Dating starrett tools dating without agency
The overall length is 10.3 inches, and the finish is plain steel, with extensive pitting due to rust. 2152563" near the pivot joint, with "Palmer Brothers" and "Meadville, PA." on the reverse. Storage for the screwdriver bit was provided by a wooden bracket on the inside of the lid, as seen in the Starrett No. 443-A socket set, designed to fit into the drive end of the Starrett sockets. The overall length is 9.4 inches, and the finish is plain steel, with traces of nickel plating. Pierre Manufacturing Corporation, and interested readers can visit their web site at Link] for further information. The finish is plain steel, with extensive pitting due to rust. Todd received patent #182,615 for end nippers with replaceable cutting edges. Wrenches of this design were first produced by the Baxter Wrench Company, and then later by Green, Tweed, & Company.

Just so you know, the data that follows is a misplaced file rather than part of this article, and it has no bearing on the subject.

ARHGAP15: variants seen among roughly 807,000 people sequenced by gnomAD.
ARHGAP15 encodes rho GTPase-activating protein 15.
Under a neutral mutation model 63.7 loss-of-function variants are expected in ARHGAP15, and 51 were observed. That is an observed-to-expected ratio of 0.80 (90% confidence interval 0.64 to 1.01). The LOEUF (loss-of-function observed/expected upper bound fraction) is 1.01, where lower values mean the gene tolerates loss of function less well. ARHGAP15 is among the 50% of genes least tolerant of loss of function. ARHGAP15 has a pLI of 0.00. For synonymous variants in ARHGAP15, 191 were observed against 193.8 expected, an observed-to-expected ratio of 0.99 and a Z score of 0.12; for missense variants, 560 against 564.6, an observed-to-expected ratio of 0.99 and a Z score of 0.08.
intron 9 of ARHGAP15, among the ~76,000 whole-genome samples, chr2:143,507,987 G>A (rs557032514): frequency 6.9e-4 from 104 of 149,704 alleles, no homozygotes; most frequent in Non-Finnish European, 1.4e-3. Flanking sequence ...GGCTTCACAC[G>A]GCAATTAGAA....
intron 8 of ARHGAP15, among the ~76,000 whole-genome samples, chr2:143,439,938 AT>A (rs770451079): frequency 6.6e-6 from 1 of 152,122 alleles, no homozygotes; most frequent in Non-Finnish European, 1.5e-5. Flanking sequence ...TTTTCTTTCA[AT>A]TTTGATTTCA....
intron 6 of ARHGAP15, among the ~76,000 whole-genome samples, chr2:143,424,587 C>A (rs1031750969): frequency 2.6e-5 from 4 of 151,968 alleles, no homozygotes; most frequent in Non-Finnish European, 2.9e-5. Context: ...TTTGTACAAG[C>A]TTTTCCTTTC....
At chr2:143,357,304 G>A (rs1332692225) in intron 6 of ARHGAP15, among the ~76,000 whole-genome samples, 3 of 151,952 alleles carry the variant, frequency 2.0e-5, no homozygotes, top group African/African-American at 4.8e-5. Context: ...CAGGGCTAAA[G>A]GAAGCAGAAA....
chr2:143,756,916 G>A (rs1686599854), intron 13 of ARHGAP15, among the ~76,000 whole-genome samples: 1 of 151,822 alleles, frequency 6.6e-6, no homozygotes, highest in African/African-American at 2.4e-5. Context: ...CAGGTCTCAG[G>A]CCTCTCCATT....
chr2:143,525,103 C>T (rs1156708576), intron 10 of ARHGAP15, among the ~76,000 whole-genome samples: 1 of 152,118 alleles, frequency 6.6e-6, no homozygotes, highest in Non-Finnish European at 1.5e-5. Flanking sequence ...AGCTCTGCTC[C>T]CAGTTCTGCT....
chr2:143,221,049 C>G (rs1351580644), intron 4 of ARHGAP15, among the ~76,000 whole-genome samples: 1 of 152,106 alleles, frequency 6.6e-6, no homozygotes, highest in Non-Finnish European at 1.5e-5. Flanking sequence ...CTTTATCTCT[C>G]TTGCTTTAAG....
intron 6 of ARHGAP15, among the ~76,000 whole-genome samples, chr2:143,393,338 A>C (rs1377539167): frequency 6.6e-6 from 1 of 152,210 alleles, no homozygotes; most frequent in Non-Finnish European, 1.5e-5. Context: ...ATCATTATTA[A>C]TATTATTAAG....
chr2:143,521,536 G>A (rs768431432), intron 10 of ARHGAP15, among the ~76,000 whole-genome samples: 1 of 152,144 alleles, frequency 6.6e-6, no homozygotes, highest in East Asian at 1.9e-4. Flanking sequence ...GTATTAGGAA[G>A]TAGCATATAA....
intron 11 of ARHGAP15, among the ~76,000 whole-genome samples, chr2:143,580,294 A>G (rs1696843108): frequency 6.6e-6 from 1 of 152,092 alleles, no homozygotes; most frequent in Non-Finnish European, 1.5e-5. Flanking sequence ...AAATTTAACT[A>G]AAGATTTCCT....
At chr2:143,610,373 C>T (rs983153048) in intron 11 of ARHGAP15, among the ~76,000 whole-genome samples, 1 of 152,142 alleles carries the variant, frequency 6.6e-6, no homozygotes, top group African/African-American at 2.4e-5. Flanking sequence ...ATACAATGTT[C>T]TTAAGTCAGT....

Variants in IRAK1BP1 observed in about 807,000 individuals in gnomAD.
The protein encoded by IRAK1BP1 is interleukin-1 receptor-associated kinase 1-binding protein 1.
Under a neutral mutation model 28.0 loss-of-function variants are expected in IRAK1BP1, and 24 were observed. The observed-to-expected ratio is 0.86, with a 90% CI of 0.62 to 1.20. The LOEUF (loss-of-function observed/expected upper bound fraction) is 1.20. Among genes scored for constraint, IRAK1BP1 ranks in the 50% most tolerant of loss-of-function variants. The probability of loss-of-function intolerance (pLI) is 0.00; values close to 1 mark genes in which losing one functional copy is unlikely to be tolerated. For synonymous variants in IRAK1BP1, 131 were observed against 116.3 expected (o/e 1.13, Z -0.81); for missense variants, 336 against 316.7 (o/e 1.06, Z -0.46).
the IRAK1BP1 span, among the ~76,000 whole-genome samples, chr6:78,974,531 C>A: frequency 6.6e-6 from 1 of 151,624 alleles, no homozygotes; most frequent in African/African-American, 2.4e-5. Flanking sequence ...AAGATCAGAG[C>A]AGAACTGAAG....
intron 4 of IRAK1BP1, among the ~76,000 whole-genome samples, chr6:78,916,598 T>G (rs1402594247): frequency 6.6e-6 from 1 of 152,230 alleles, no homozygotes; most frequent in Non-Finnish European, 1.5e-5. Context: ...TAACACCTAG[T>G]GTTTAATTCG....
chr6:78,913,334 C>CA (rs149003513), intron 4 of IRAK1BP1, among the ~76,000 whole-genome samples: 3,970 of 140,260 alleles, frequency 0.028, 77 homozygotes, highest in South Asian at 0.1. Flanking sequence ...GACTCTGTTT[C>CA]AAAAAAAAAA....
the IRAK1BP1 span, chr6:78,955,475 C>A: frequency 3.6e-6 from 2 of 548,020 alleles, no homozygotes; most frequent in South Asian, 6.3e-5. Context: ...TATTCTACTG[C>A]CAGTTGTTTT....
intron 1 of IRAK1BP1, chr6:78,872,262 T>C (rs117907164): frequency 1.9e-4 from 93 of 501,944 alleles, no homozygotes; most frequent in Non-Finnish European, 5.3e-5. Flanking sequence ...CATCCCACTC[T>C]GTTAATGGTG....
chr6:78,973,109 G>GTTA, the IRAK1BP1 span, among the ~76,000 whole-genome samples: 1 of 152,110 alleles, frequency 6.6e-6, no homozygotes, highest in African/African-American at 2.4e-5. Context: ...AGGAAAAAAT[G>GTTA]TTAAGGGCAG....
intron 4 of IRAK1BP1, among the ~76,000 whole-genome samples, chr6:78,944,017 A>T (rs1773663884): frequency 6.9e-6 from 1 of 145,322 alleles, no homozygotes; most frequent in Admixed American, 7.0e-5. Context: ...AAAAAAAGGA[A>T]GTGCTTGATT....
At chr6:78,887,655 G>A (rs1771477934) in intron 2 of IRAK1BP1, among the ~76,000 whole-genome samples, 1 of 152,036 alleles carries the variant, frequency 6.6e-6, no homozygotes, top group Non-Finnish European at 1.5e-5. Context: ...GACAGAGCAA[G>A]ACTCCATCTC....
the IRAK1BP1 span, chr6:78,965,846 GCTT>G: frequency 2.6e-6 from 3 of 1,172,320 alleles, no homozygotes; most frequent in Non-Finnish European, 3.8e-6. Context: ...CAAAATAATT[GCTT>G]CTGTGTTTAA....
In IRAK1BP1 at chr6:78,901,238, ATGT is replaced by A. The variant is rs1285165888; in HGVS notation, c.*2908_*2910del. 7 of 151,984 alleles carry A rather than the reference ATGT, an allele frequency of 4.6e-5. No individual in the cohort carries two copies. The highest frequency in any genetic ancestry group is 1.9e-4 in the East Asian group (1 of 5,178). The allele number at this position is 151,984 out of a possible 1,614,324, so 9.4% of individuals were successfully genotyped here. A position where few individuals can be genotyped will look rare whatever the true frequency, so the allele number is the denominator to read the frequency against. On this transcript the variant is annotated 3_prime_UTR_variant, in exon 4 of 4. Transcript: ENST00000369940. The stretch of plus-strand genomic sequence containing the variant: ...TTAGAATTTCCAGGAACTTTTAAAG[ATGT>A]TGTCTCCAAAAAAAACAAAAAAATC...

The first patent date refers to patent #1,307,485, filed by A. Place and operated in Oswego, New York as a maker of lathe chucks, pipe wrenches, and other tools. The patent date refers to patent #391,957, filed by J. Giles in 1888 and issued later that year, with partial assignment to C. Our earliest reference to the company is the advertisement at the left, published on page 303 of the April, 1908 edition of . This catalog was received with a separate price list No. The later catalog also provides the specific alloy steels used for the tools, with AISI 6150 alloy steel used for the chisels, punches, and screwdrivers, and AISI 4140 alloy used for the wrenches. The patent describes the construction of the wrench, and the most notable feature is the handle tube drawn from a single sheet of steel. 251 shows a Wakefield 10 inch "Nut & Pipe" adjustable wrench, marked "Wakefield Wrench" and "Worcester, Mass. This innovative design was an milestone in the development of ratchets, and influenced later (and better known) models such as the OTC H-160 Flex Ratchet and S-K Roto-Ratchet. 12 1/2x15/16 ratcheting open-end wrench, marked with "No. The advertisement at the left was published on page 157 of the October, 1915 issue of and illustrates the company's Knowlson No. By 1918 the company was producing a slightly smaller Knowlson No. The Knowlson spring spreaders were based on patent #1,108,111, filed by C. When considering the sizes in the socket set, keep in mind that Starrett pressed-steel socket sizes were specified as 1/32 oversize, as was the case with Mossberg and other brands of pressed-steel sockets. The overall length is 5.4 inches, and the finish is plain steel. 236B shows a USMC 1755H 1/2x5/8 open-end wrench, stamped with the USMC-Script logo and model number on the faces, with the fractional sizes on the reverse faces. In the late 1920s the Apco-Mossberg company offered its own version of the Peerless ratchet as a Ford connecting rod wrench. 7/16 1/2-5/8", corresponding to across-flats sizes 5/8, 3/4, and 15/16 respectively. 1/4 5/16-3/8", corresponding to across-flats sizes 7/16, 1/2, and 9/16 respectively. 12 Simplex Ratchet" and "Chrome Vanadium" forged into the front panel, with "S. A discussion of this confusing convention can be found in the section on Size Conventions in our article on the Frank Mossberg Company. 216 at the left shows a more detailed view of the lower compartment of the socket set. The overall length is 7.0 inches, and the finish is plain steel. The Apco-Mossberg version of the ratchet has "APCO" instead of "Peerless" forged into the handle. 181 shows a 1/2-hex drive Peerless Wrench rotating-head ratchet of the Cunha patented design, marked with the patent notice "Pat'd June 24, 1919 March 1, 1921" forged into the shank. The opening sizes for the larger (left) end are marked "S. The smaller (right) end opening sizes are marked "S. The top two rows hold the majority of the hex sockets, followed by a row with the remaining three hex sockets at the left, a 29/32 spark-plug (deep) socket in the center, and a universal joint at the right. 443-A socket set, marked with a decorative "Starrett Tools" decal in the center. The Vanadium Tool Company was a maker of hand-forged alloy steel tools located in Athens, Ohio. The rotating head is fitted with a hex drive stud that can be pushed through to reverse the operation. This later patent described a removable accessory handle that could be added to the base ratchet to form a Tee handle. The overall length is 6.7 inches, and the finish is nickel plating. The pending status refers in part to patent #1,624,508, filed by F. The next row down has pegs for two square sockets (one is missing) at the left, with a circular knob in the center and the packer drill attachment at the right. Since later ratchets are known to have been marked with the patent date, the pending status for this ratchet suggests that this is an early set, probably made between 19. The dimensions of the box are 14.0 inches wide by 8.1 inches deep by 3.5 inches high. The company was founded around 1945 by the Harmon family and remained in operation until at least the mid 1970s. Topping, formerly the vice president of marketing for S-K Wayne Tools. 24 1/2-hex drive ratchet handle, marked "Made in Worcester, Mass. The Packer Auto Specialty Company was incorporated in Chicago in 1912 as a maker of socket sets and automotive accessories. Packer, an inventor with numerous patents for automotive tools and railroad equipment. The text describes an early "Ray" socket wrench set with a barrel-type ratchet and twelve sockets, and the illustration includes details of the ratchet construction. The company was founded in 1909 as the Lake Superior Wrench Company in Sault Ste Marie, Michigan, but by 1910 had moved to the Iowa location. The center hole was also typically used with a bolt for holding sets of wrenches. 1 alligator wrench, stamped with the W B-Diamond logo and "Made in U. A." on one side, with the model number on the reverse. The overall length is 4.9 inches, and the finish is nickel plating. 262 shows a W&B 5.5 inch bicycle wrench, stamped with the WBCo-Diamond logo, with "Made in U. The prominent grooves in the shank give the wrench a distinctive appearance, but the intent appears to be cosmetic rather than functional. The overall length is 5.9 inches, and the finish is plain steel. The overall length is 6.2 inches, and the finish is cadmium plating. 267 at the left shows a Superslim 5/8x3/4 open-end wrench, marked with the fractional sizes and "AF" forged into the shank, with "Made in England" and the T/W logo forged into the reverse.The company address is given as the Old Colony Building in Chicago. The third patent number listed is #1,710,554, filed by H. The company name was later simplified by dropping the leading "Lake". An example of Nut-and-Tap wrenches from another maker can be seen as the Indestro Nut-and-Tap Wrench Set. The overall length is 5.5 inches, and the finish is plain steel, with pitting due to rust. 261 shows a W&B 5 inch double-ended alligator wrench, stamped with the WBCo-Diamond logo, with "Made in U. The insets show the reverse face markings "3/8" and "5/16", references to the older U. The overall length is 7.7 inches, and the finish is cadmium plating. 268 shows a Winner Tool 8 inch plier-wrench, marked with "Winner Tool Co." and "Puyallup, Wash." forged into the shank, with "Plier Wrench" plus "Patd. 7, 1922" and "Chrome Vanadium" forged into the reverse.The overall length is 5.8 inches, and the finish is plain steel. During the 1920s the company developed and patented a line of interchangeable open-end wrenches, and produced other tools including the adjustable drain-plug wrench shown below. A." on the rotating handle, though the markings are very faint due to wear and rust. 14 1/2x15/16 ratcheting open-end wrench, marked with "No. 1, 1924 & April 27, 1927" and "Other Patents Pending" with "Simplex Wrench Co. Y." near the bottom, with "Fastnut License" and "Reilly License" forged near the ends. The patent notice refers to patent #1,624,508, issued to F. The stepped openings allow the wrench to handle the sizes 5/16 and 3/8 on the small end, plus sizes 7/16 and 1/2 on the large end. Starrett has published many catalogs during its long years of operations. The cutter inserts are marked "For Music Wire", as seen in the lower inset. The finish is polished steel, possibly with a thin nickel plating. The carrier shell is also stamped "Trimo Alloy", and the movable jaw has "Cr Mol" forged in near the bend. Park sold its tools under the XCEL brand, and later used the brand name Xcelite for a line of screwdrivers and nut drivers. The overall length (when retracted) is 7.8 inches, and the finish is plain steel. 7/16-1/2", corresponding to across-flats sizes 5/8 and 3/4 respectively. 5/16-3/8", corresponding to across-flats sizes 1/2 and 9/16 respectively. 14 Simplex Ratchet" and "Nickel Molybdenum" forged into the front panel, with the size ranges forged into each end. The overall length is 6.6 inches, and the finish is nickel plating, with some losses due to rust. The second patent date was apparently intended to refer to patent #1,624,508, filed by F. Reilly in 1925, but issued on April 12, 1927 rather than the April 27 date marked on the wrench. 15 3/4x15/16 ratcheting open-end wrench, marked with "No. 1, 1924 & April 27, 1927" and "Other Patents Pending" with "Simplex Wrench Co. Y." near the bottom, with "Fastnut License" and "Reilly License" forged near the ends. The front panel of this wrench is also marked with a forged-in code "L: M" which closely resembles a Bonney date code. Starrett Company is an important maker of machinist's tools and precision measuring instruments, continuing in operation from its founding in 1880 to the present day. Although the earlier catalogs were often printed without a publication date, the effective date of publication can be estimated using printed advertisements for the various catalog editions. Starrett was also a producer of socket sets intended for automotive service or general maintenance. 443 ratchet, an extension, a universal, and a drilling attachment, plus a few miscellaneous items. The overall length is 9.6 inches closed and 11.0 inches fully extended. The patent notice corresponds to patent #1,012,037, issued to J. Vinton in 1911 with assignment to Trimont Manufacturing. It also provides measuring tools, such as micrometers, vernier calipers, height gages, depth gages, electronic gages, dial indicators, steel rules, and combination squares, as well as custom, non-contact, and in-process gaging products comprising optical, vision, and laser measurement systems; and force measurement and material test equipment.In addition, the company offers material test systems comprising hardware and cutting edge software; manual and automated field of view measurement systems; and hand tools for measuring, marking, and layout that include tapes, levels, chalk lines, and other products for building trades, as well as construction and retail trades.